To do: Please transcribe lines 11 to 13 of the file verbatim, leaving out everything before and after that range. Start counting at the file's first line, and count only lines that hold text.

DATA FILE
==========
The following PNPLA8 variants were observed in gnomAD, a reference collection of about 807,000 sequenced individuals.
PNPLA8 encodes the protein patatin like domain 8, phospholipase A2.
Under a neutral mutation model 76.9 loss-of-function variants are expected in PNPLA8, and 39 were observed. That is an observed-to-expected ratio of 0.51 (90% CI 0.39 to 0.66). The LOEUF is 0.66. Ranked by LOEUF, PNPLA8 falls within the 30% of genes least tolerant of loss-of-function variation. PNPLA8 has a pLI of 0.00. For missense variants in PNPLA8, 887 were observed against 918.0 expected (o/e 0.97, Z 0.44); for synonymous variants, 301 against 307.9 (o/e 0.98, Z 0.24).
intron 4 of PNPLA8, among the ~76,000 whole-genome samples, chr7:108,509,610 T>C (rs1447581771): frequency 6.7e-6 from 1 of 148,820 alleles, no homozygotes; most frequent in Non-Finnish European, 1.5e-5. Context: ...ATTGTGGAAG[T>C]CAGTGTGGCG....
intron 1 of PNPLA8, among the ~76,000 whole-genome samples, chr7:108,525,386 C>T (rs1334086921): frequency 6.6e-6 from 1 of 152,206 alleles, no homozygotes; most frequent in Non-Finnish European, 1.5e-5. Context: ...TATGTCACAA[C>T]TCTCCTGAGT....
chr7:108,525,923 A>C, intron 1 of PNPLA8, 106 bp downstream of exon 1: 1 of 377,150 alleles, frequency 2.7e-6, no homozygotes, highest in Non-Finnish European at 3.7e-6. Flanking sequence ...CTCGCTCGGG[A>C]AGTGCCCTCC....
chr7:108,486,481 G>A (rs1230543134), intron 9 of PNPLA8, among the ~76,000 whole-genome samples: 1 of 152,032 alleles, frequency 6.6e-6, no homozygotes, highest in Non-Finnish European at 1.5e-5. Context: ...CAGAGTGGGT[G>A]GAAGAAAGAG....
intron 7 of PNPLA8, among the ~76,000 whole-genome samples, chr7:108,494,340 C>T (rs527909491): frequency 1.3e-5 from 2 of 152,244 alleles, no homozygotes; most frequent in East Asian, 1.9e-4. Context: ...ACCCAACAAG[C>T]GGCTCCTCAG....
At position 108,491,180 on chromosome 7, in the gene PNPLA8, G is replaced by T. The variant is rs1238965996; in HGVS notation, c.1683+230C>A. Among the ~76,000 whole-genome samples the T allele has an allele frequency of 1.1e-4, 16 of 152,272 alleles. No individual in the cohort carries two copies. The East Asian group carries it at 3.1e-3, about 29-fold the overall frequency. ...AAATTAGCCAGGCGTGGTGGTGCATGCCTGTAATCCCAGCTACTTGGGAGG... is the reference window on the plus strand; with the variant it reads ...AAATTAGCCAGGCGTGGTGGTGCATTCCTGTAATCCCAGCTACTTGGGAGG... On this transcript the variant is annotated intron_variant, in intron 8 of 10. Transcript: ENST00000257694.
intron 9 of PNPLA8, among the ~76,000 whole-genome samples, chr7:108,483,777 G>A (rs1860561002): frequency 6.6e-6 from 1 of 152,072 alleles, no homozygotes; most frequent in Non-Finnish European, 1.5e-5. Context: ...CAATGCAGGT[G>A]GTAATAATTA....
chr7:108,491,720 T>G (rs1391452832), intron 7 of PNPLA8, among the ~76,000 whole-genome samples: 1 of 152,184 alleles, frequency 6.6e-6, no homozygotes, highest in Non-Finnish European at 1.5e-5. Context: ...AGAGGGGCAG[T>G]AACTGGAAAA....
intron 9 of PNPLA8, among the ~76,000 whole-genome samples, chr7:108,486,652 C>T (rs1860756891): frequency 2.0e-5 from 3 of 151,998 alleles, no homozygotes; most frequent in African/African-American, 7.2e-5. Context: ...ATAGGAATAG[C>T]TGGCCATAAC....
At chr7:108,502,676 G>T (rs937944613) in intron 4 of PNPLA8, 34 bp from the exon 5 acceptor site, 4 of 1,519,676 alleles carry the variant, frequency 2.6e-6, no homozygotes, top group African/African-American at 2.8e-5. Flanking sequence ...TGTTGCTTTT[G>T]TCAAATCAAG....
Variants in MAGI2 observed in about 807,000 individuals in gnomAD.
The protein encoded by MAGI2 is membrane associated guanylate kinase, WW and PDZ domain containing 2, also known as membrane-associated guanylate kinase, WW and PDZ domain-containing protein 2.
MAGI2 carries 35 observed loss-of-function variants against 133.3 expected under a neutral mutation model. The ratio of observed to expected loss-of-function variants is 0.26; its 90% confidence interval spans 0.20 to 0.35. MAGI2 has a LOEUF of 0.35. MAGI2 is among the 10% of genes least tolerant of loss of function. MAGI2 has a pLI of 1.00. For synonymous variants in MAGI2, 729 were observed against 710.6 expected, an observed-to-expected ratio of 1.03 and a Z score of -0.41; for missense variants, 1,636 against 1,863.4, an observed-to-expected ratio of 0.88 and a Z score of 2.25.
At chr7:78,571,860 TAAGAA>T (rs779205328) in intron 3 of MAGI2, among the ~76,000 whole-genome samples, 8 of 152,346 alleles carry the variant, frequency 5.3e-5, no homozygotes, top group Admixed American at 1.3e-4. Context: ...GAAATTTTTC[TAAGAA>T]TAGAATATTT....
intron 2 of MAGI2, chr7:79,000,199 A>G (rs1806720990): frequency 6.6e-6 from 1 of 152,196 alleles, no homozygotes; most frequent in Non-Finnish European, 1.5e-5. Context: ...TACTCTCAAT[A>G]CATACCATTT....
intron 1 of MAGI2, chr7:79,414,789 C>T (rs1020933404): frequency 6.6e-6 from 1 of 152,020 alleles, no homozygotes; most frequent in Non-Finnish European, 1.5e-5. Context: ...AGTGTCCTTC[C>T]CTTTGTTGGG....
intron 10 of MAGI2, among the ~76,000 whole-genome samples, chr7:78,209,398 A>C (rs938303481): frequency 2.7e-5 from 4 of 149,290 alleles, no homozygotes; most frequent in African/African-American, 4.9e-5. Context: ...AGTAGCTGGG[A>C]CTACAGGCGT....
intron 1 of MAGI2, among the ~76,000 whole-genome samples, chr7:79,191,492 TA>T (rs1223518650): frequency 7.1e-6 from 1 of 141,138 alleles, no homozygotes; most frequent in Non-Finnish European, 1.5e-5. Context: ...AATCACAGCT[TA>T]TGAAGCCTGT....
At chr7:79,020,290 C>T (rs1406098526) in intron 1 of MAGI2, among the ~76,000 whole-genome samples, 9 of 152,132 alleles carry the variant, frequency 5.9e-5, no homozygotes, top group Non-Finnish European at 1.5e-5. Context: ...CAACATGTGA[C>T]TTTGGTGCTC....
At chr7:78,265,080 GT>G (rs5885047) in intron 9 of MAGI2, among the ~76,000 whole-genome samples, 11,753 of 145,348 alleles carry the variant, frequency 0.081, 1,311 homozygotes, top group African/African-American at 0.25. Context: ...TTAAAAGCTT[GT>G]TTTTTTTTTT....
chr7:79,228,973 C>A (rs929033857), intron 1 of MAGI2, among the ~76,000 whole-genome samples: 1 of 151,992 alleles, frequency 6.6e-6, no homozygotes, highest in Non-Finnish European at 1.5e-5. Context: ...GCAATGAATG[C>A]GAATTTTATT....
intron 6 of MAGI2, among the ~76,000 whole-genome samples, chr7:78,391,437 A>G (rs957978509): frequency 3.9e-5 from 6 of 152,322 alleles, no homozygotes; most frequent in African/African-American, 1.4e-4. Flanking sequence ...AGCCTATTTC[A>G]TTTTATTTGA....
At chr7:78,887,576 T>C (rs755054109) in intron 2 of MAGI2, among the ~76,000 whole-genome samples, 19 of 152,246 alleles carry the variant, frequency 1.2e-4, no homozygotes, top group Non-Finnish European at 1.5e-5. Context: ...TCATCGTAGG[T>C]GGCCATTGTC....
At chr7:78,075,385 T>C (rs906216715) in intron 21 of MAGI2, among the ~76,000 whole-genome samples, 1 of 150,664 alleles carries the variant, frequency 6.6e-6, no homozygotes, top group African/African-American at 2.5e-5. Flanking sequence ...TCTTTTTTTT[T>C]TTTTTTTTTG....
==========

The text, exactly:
chr7:108,491,720 T>G (rs1391452832), intron 7 of PNPLA8, among the ~76,000 whole-genome samples: 1 of 152,184 alleles, frequency 6.6e-6, no homozygotes, highest in Non-Finnish European at 1.5e-5. Context: ...AGAGGGGCAG[T>G]AACTGGAAAA....
intron 9 of PNPLA8, among the ~76,000 whole-genome samples, chr7:108,486,652 C>T (rs1860756891): frequency 2.0e-5 from 3 of 151,998 alleles, no homozygotes; most frequent in African/African-American, 7.2e-5. Context: ...ATAGGAATAG[C>T]TGGCCATAAC....
At chr7:108,502,676 G>T (rs937944613) in intron 4 of PNPLA8, 34 bp from the exon 5 acceptor site, 4 of 1,519,676 alleles carry the variant, frequency 2.6e-6, no homozygotes, top group African/African-American at 2.8e-5. Flanking sequence ...TGTTGCTTTT[G>T]TCAAATCAAG....